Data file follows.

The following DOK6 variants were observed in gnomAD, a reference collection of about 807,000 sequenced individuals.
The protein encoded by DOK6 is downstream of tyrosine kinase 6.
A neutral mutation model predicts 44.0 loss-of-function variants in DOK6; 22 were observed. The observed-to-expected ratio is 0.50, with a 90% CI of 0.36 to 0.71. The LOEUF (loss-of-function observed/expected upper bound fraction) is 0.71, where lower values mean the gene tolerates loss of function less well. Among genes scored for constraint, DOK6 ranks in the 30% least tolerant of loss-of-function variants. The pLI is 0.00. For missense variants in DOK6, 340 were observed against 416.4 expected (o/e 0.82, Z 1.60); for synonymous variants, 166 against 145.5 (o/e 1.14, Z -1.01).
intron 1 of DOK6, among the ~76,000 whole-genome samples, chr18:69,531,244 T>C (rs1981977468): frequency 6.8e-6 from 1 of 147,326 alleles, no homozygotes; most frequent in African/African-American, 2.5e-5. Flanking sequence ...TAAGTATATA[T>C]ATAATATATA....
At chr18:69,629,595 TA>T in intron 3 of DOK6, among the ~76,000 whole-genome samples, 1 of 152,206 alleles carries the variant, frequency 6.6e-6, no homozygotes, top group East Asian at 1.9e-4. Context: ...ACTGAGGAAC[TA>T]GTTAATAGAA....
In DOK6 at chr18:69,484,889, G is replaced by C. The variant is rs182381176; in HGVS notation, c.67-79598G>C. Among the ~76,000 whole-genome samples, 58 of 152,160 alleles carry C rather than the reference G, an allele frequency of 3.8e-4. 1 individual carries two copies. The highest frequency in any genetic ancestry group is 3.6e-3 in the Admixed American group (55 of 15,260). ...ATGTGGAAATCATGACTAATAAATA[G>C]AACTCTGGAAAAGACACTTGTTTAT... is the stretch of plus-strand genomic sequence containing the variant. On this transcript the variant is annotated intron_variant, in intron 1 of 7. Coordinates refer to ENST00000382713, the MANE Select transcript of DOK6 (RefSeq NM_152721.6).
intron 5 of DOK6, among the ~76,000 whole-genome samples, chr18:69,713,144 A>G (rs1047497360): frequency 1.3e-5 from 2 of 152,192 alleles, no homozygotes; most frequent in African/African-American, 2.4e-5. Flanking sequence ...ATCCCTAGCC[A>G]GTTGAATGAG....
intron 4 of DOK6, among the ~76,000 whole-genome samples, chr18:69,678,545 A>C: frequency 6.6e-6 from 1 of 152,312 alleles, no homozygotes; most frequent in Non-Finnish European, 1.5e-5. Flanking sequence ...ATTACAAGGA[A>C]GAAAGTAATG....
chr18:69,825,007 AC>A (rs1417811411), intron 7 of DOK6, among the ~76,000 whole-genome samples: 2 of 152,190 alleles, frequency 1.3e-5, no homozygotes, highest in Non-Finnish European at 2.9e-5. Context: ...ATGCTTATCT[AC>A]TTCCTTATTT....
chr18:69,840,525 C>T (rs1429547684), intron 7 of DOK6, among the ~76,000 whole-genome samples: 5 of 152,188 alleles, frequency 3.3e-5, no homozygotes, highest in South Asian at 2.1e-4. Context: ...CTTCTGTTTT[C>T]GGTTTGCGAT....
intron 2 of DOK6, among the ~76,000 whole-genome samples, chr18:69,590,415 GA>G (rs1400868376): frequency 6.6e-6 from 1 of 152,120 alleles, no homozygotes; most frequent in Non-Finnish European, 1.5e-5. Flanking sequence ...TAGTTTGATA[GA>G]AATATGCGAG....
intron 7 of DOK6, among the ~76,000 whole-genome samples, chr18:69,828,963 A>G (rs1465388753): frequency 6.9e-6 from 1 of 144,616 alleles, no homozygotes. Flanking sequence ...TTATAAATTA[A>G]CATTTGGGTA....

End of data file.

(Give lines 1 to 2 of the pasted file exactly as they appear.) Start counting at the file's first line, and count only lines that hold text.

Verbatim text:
The following DOK6 variants were observed in gnomAD, a reference collection of about 807,000 sequenced individuals.
The protein encoded by DOK6 is downstream of tyrosine kinase 6.